When your products are processed at PETL, they undergo a variety of tests and inspections, which means they could be rejected for a number of reasons.  Here are a few examples of failures:


Ozone Degradation

Example of ozone checking damage.


This insulating glove was rejected because of ozone damage to the rubber. Ozone is a form of oxygen that can be found everywhere, but is concentrated in the air surrounding a conductor in high voltages.  Over time, it causes dangerous cracks to form in rubber products, including insulating gloves, thus rendering them unsafe.

Ozone is naturally occurring, which means that over time ozone damage is virtually unavoidable.  While you can't stop it, you can prolong the useful life of your gloves and sleeves by avoiding excessive exposure.  Keep this in mind:


  • Rubber products should not be folded or creased, as ozone damage tends to be accelerated on the outer edge of fold. 
  • Electromagnetic radiation accelerates ozone damage.  This type of radiation surrounds all forms of radio equipment, like two-way radios found in work trucks.  Placing your gloves near this equipment will dramatically reduce the useful life of the rubber.
  • Type I rubber gloves can also be negatively affected by UV light so care should be taken to properly store and inspect these gloves.  Type II gloves are not as susceptible to ozone and UV rays.





This insulating glove was rejected because of a stag in the outer layer of rubber.  If you look closely, the yellow layer inside the glove can be seen through the snag.


This type of damage is preventable with the use of appropriately sized glove protectors.


To ensure worker safety and the integrity of the gloves and sleeves, insulating gloves need to be worn along with protector gloves (such as leather), and both insulating gloves and sleeves need to be stored properly when not in use. Proper storage means that gloves must not be folded and need to be kept out of excessive heat, sunlight, humidity, ozone, and any chemical or substance that could damage the rubber.  [See 1910.137(b)(2)].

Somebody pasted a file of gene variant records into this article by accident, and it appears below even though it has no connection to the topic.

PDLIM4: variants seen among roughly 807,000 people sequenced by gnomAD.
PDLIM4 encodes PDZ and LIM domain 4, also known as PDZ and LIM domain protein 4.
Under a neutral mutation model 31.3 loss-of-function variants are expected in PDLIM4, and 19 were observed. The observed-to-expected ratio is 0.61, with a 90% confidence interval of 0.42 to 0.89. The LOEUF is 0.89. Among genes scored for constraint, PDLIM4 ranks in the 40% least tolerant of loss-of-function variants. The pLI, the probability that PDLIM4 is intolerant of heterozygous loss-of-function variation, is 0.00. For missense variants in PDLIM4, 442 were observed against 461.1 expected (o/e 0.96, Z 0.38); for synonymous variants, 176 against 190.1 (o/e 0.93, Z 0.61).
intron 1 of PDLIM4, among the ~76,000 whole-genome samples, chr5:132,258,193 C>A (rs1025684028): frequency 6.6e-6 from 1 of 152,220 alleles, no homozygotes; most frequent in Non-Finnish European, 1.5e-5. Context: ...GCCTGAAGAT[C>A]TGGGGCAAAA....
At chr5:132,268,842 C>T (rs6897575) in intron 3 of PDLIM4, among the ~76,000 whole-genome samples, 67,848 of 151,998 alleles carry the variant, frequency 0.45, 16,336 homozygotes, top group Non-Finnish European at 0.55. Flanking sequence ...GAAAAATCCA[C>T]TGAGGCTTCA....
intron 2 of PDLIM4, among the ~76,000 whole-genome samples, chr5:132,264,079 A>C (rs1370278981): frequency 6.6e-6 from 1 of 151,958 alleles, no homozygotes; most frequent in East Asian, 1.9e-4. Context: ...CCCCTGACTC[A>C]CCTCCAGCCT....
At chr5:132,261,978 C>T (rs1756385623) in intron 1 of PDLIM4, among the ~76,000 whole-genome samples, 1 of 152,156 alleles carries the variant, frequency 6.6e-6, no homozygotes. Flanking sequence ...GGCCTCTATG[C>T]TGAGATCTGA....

Fact: The vast majority of blankets rejected in our laboratory are rejected because of uniform snags typically caused by dragging the blanket down a power line with protruding wire strands.  Not dragging your blankets will dramatically reduce their likelihood of failure.





This Class 4 blanket was rejected because of a hole.  Ordinarily, holes are very difficult to identify visually, since the rubber tends to expand after the foreign object that caused the puncture is removed.  The electrical test, however, quickly identifies holes, even if the puncture didn't fully penetrate the rubber.


The intense heat of the penetrating arc during the electrical test causes scorching and typically increases the diameter of the hole.


This type of damage to gloves can be prevented with the use of appropriately sized protectors.  In sleeves, caution must be exercised to guard against punctures.  Blankets are inherently susceptible to being punctured because they are often draped over bare power lines that frequently have protruding wire strands.


Chemical Damage

Content coming soon!


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